Svetlana Avdasheva and Paulina Kryuchkova, Deputy Director and Senior Researcher, respectively, of the HSE Institute for Industrial and Market Studies, presented their paper ‘Why the Costs of Oversight Go Up As Compliance Goes Down: An Economic Analysis of Administrative Law Enforcement in Russia’ during an academic seminar held on April 11, 2013, at the HSE Center for Institutional Studies.
According to Kryuchkova, more than three million companies and solo entrepreneurs were audited in Russia in 2011 alone. Oversight authorities paid 47 billion roubles in direct costs to carry out these audits. The approximate combined cost to the government and businesses for oversight and monitoring could reach about 800 billion roubles, or 1.5% of the country's 2011 GDP.
Despite the fact that the government is spending increasingly more to oversee businesses, compliance with the country’s laws is decreasing. The researchers found that almost two-thirds of the audits held in 2011 resulted in findings of noncompliance with business regulations. In fact, one would expect higher spending on oversight to result in better compliance, in contrast to 'less expensive' oversight systems allowing instances of noncompliance to go undetected.
Avdasheva and Kryuchkova seek to understand and explain this paradox. The traditionally poor performance of Russia’s oversight authorities can be explained by corruption, arbitrary enforcement (which turns into an instrument for redistributing property rights), and low-skilled supervisors. All these causes exist; however, Kryuchkova argues that even if the above problems are effectively addressed, compliance is unlikely to improve significantly.
The reason behind this paradox, the researchers argue, has to do with the specific incentives given to the oversight authorities. In practical terms, it makes no difference to them whether they punish the guilty or the innocent. Thus, the risk of being fined or arrested is virtually the same for an honest entrepreneur as it is for a violator. The high probability for error destroys any incentive to comply with legal requirements. Instead, businesses act according to the principle ‘what will be will be’ and are guided only by their desire to squeeze the maximum profit from any transaction.
Currently in Russia, oversight is triggered mainly by complaints filed with the authorities. That means that anyone can file a complaint against anyone else and keep filing complaints until the authorities respond by initiating an audit. The authorities cannot refuse to respond even if the complaining party is clearly abusing the right to complain (ie a complaint is filed with the Federal Antimonopoly Service to get rid of a competitor).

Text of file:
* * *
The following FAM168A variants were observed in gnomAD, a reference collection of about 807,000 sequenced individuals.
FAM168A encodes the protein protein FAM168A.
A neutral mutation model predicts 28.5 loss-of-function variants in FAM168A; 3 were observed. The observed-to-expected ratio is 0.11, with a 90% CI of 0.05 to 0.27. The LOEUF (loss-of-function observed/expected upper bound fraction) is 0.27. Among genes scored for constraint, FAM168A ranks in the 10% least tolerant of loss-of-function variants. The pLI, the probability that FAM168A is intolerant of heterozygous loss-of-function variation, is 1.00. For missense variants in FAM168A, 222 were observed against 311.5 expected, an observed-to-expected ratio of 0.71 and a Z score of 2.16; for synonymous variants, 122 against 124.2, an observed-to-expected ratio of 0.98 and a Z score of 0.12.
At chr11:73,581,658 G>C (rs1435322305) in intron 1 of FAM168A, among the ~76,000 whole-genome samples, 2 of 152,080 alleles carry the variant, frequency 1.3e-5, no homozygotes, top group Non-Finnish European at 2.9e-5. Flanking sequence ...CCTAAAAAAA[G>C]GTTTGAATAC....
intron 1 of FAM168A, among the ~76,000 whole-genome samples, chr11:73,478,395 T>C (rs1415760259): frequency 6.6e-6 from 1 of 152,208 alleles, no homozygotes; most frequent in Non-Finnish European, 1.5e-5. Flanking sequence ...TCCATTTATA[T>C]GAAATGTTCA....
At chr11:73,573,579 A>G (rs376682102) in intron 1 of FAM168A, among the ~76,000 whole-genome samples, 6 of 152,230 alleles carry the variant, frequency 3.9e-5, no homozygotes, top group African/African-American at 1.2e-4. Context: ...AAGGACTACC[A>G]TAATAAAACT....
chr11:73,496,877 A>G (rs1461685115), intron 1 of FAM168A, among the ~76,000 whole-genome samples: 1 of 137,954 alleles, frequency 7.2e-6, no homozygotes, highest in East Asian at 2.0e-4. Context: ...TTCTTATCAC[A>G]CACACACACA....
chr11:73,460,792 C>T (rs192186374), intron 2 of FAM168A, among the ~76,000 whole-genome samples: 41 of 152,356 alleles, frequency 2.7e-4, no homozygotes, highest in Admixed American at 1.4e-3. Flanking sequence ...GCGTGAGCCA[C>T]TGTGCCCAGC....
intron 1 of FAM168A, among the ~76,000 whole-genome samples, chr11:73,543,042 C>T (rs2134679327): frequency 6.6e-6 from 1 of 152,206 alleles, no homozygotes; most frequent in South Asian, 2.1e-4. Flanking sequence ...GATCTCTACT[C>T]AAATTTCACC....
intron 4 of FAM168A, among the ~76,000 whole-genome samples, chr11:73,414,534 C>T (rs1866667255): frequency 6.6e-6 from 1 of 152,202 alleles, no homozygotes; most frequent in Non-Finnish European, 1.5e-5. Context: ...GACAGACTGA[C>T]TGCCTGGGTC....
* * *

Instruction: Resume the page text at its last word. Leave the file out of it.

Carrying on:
As a result, oversight authorities have to handle too many cases with fewer resources available per case, which increases the likelihood of errors such as punishing the innocent and allowing the guilty to get away. The increased probability for error destroys any incentive to comply with legal requirements.
'The high likelihood of the innocent and guilty alike being punished erroneously fails to discourage potential violators', the authors conclude. However, the lack of a deterrent effect does not prevent people from exercising their right to complain. But the reason alleged victims keep complaining is not because they have suffered damages; instead, they see the complaint mechanism as an opportunity to affect the other party's economic situation.
As a striking example, Avdasheva refers to RUSAL's complaints to the Federal Antimonopoly Service (FAS) against producers of caustic soda for allegedly overpricing their products to the detriment of consumers. As a result, the FAS determined that there was a cartel in the liquid caustic soda market and decided to impose turnover fines on participating companies and to prosecute the individuals involved in building the cartel.
For administrative law to be effective, the authors argue, the likelihood of innocent people being punished erroneously must decrease. Avdasheva and Kryuchkova propose a number of steps towards this goal:
'Introducing punitive damage awards (proportional to the proven level of damage) and redistributing the caseload between government regulators and courts in favour of the latter may produce a good effect, since people litigate for damages rather than to restrict their 'offender' or ‘competitor', argue the authors. These steps, they believe, are not too difficult to take. 'A reform of government supervision and oversight does not require drastic and painful measures', says Avdasheva.